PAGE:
Indigenous Peoples Food Systems in Transition: How can ideas from Ethnobiology Inform Work on Food Environments

Session Organizer(s): 
Bronwen Powell
Terry Sunderland


The international food security and nutrition community has engaged the idea of food environment as a useful frame work . The food environment is described at including four main components that shape dietary choice: availability, accessibility, convenience and desirability. Emerging evidence suggests that changes in the food environment, shapes changes in dietary choice and is at least in for dietary transitions seen around the world. Much could be learnt by understanding the role of the food environment as a key driver of dietary transitions away from traditional food systems.


Ethnobiology understands traditional food use as a central link between Indigenous People and their lands, as part of complex bio-cultural systems. Increasingly Indigenous Peoples’, Land Rights and the Right to food are seen as related issues . Ethnobiology focuses not only on the nutritional and ecological impotence of traditional foods, but also on their cultural and spiritual importance. Ethnobiology is thus well positioned to shed light on the least well understood aspect of food environments: desirability.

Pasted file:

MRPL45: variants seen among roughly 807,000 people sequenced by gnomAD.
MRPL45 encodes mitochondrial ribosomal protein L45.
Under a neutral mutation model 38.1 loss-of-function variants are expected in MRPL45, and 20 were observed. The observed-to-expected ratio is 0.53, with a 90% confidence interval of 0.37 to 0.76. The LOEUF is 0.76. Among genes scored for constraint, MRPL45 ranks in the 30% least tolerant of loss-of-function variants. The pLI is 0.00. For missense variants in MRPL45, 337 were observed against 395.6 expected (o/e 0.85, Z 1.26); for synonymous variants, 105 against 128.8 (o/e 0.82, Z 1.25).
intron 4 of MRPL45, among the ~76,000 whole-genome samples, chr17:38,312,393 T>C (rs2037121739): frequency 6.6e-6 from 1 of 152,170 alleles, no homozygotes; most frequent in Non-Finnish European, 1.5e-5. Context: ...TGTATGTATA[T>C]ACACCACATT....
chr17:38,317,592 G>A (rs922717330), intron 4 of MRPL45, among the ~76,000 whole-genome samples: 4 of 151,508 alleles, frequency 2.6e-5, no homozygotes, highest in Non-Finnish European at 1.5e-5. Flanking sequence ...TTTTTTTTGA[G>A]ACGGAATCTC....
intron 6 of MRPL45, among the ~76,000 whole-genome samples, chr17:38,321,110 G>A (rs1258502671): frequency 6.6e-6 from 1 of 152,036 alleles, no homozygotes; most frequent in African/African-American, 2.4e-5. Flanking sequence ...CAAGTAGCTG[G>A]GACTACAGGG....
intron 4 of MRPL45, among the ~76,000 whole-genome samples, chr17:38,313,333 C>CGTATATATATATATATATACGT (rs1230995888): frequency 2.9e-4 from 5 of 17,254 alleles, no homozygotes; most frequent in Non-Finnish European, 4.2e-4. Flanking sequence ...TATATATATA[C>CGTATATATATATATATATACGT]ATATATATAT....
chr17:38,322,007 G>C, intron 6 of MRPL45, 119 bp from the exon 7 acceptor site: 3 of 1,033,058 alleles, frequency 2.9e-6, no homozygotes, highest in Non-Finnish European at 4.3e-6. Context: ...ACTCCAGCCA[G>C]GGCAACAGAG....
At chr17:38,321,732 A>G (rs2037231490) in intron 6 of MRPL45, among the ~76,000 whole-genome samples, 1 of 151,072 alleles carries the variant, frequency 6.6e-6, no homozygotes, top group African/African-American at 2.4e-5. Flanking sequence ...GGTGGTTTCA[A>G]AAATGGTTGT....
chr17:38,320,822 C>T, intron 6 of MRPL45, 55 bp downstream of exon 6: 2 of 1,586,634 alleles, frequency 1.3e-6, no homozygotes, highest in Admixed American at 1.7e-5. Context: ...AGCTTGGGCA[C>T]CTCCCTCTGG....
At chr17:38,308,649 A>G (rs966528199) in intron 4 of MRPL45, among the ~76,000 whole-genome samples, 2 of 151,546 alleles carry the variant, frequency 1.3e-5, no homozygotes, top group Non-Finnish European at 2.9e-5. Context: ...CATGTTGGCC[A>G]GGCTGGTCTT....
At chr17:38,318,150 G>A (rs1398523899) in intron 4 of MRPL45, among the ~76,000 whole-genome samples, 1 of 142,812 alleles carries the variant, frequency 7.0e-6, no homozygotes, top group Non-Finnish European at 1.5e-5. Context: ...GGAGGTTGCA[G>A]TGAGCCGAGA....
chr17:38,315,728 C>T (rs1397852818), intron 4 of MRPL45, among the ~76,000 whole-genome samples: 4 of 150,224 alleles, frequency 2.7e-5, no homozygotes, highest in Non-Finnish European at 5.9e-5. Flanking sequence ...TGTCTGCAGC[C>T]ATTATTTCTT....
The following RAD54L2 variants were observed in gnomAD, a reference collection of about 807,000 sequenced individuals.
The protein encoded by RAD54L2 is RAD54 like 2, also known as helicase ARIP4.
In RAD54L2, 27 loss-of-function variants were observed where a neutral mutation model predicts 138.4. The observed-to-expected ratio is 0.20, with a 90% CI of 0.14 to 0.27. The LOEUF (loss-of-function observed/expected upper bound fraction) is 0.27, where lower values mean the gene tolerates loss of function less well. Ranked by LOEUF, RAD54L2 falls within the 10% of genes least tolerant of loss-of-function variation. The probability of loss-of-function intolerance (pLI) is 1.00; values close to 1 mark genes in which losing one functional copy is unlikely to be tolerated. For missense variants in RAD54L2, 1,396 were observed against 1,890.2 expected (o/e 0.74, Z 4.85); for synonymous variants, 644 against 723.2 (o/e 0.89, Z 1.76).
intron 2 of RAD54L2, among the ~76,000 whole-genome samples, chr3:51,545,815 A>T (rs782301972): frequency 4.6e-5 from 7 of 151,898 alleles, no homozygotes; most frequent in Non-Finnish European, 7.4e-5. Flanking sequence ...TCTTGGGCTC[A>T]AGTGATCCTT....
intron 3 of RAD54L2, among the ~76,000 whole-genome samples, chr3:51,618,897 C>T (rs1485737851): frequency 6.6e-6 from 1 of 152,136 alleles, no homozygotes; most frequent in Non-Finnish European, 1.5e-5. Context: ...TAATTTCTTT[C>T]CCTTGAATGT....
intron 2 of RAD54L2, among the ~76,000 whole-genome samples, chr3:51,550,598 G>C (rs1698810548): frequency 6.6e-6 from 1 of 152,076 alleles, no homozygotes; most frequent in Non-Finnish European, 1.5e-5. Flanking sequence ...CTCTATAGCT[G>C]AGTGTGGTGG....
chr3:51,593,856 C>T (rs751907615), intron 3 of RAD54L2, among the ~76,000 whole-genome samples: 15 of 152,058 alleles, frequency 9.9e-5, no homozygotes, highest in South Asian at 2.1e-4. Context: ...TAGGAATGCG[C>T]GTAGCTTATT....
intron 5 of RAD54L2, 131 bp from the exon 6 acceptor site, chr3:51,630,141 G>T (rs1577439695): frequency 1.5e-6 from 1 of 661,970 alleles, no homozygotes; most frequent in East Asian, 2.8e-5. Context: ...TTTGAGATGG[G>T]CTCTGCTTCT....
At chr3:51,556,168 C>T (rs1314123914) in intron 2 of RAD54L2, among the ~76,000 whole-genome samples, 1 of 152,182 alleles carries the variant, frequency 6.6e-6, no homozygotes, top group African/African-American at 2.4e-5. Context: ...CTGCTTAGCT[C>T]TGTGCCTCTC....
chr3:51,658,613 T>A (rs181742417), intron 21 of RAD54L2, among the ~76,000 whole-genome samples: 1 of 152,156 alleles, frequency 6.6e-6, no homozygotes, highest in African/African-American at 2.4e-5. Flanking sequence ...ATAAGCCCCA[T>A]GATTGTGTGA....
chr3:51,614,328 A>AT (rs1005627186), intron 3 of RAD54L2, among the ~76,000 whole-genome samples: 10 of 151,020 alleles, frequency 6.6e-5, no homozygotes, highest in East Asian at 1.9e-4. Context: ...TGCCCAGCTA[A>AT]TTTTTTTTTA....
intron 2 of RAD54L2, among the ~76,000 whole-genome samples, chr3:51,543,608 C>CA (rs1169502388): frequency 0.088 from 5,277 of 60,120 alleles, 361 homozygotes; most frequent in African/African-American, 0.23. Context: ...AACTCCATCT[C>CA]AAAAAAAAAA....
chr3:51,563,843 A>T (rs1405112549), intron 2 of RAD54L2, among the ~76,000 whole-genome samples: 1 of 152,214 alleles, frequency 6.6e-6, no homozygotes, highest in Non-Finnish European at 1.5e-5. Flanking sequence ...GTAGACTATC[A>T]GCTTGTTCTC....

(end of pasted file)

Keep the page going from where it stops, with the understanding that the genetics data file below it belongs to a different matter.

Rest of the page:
This session aims to explore the ways traditional and Indigenous foods, food systems and food production landscapes are embedded with social, cultural and spiritual meaning and the ways these meanings shape food preferences and desirability. Food preferences are linked to social and cultural identity. Many Indigenous communities have a sacred relationship with food and or the landscapes they manage to produce food . Lack of access to traditional lands is increasingly framed as a food sovereignty and right to food issue. To date there has been little effort to understand how these social, cultural and spiritual connections to food mediate desirability and either mitigate or perpetuate dietary transitions away from healthy traditional diets. We will explore the ways that social, cultural and spiritual meanings of traditional foods, as well as the attachment to places (food production landscapes), shapes dietary transitions for Indigenous communities around the world.